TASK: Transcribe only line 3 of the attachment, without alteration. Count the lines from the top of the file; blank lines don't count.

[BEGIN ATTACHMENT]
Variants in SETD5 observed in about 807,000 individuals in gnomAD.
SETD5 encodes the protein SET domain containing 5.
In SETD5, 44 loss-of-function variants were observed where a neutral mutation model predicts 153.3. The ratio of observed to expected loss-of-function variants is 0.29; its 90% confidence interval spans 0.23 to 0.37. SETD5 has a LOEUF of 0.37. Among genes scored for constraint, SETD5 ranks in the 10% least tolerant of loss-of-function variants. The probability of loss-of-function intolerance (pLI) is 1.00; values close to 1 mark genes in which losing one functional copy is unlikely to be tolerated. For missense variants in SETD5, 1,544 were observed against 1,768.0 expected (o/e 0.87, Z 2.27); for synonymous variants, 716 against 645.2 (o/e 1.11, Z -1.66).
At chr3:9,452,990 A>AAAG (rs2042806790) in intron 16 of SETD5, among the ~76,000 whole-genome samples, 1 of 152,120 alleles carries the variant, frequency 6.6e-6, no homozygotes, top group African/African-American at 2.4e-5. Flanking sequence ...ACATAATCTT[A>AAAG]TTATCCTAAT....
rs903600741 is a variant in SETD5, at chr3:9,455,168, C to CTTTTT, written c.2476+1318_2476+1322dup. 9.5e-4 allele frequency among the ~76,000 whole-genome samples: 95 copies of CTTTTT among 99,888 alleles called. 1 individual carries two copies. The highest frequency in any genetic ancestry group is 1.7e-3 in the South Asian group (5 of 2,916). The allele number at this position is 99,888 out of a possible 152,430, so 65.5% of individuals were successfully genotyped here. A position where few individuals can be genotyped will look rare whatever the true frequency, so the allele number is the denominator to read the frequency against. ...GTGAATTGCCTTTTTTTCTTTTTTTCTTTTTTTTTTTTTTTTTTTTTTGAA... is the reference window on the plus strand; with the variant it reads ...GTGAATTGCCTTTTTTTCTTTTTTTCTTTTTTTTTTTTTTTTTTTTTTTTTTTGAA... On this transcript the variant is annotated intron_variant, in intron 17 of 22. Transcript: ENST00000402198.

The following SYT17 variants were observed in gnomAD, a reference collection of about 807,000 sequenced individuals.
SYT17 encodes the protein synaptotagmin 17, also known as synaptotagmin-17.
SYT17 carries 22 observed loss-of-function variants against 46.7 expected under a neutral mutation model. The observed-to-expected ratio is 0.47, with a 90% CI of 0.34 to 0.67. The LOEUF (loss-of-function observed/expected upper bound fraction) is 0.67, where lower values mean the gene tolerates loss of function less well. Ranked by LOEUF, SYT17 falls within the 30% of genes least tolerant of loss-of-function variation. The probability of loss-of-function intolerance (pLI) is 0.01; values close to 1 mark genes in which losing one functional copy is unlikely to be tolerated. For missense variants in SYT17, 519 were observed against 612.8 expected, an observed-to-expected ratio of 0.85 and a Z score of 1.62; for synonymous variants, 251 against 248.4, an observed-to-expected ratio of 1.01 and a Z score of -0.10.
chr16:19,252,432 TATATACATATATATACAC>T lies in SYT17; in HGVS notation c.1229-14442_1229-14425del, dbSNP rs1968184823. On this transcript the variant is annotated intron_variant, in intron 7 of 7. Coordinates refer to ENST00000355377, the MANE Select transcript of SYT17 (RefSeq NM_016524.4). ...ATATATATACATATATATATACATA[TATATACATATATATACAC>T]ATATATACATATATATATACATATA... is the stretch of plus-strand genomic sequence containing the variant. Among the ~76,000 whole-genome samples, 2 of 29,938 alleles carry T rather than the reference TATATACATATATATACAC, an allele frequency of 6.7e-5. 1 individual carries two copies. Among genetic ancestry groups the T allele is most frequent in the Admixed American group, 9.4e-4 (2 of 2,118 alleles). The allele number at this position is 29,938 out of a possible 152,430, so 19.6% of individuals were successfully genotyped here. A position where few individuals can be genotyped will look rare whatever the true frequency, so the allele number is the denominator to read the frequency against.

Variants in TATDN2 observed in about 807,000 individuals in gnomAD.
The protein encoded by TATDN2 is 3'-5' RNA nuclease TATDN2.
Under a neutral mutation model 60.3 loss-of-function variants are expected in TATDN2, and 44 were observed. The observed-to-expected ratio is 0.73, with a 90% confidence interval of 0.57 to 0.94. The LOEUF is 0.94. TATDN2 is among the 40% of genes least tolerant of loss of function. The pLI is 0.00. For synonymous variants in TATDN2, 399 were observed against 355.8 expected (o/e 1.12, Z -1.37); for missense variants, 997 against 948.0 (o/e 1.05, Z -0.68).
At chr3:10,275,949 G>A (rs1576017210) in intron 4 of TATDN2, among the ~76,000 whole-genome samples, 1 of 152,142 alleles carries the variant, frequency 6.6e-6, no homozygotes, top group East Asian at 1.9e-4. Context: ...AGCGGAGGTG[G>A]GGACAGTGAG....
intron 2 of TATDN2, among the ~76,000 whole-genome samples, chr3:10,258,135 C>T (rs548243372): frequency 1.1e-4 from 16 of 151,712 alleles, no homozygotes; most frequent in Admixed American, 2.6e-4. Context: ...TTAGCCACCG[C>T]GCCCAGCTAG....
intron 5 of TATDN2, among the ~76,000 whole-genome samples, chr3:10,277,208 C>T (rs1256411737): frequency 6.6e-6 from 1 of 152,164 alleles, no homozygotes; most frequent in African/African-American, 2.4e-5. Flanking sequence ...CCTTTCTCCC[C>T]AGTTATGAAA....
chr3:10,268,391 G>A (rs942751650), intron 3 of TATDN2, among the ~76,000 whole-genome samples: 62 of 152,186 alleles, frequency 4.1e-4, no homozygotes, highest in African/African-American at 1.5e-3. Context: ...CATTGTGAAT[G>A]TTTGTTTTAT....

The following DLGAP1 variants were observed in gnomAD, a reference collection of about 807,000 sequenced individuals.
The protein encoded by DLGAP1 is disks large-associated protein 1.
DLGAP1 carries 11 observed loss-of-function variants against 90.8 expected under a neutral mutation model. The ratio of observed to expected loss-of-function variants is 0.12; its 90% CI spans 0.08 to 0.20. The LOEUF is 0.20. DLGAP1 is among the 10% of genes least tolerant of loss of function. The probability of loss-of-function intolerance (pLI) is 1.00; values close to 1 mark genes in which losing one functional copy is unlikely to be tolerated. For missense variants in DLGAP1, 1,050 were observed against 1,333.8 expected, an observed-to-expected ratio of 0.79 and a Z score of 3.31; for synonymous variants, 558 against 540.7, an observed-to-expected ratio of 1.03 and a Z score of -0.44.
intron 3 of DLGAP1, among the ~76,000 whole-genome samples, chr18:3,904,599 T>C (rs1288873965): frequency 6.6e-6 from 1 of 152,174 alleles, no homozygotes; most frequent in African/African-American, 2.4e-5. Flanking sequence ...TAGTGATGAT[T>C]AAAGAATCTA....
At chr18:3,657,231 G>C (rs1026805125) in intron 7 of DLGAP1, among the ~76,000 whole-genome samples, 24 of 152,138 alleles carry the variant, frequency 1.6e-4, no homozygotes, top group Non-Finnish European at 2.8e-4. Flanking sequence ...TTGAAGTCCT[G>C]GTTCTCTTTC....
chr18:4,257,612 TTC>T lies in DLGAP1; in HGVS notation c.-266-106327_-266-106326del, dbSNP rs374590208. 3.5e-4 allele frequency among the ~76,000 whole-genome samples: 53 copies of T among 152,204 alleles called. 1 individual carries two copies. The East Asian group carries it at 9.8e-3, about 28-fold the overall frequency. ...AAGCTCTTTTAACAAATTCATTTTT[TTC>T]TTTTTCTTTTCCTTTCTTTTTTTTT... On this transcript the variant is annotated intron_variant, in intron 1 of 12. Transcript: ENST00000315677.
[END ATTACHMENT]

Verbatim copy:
In SETD5, 44 loss-of-function variants were observed where a neutral mutation model predicts 153.3. The ratio of observed to expected loss-of-function variants is 0.29; its 90% confidence interval spans 0.23 to 0.37. SETD5 has a LOEUF of 0.37. Among genes scored for constraint, SETD5 ranks in the 10% least tolerant of loss-of-function variants. The probability of loss-of-function intolerance (pLI) is 1.00; values close to 1 mark genes in which losing one functional copy is unlikely to be tolerated. For missense variants in SETD5, 1,544 were observed against 1,768.0 expected (o/e 0.87, Z 2.27); for synonymous variants, 716 against 645.2 (o/e 1.11, Z -1.66).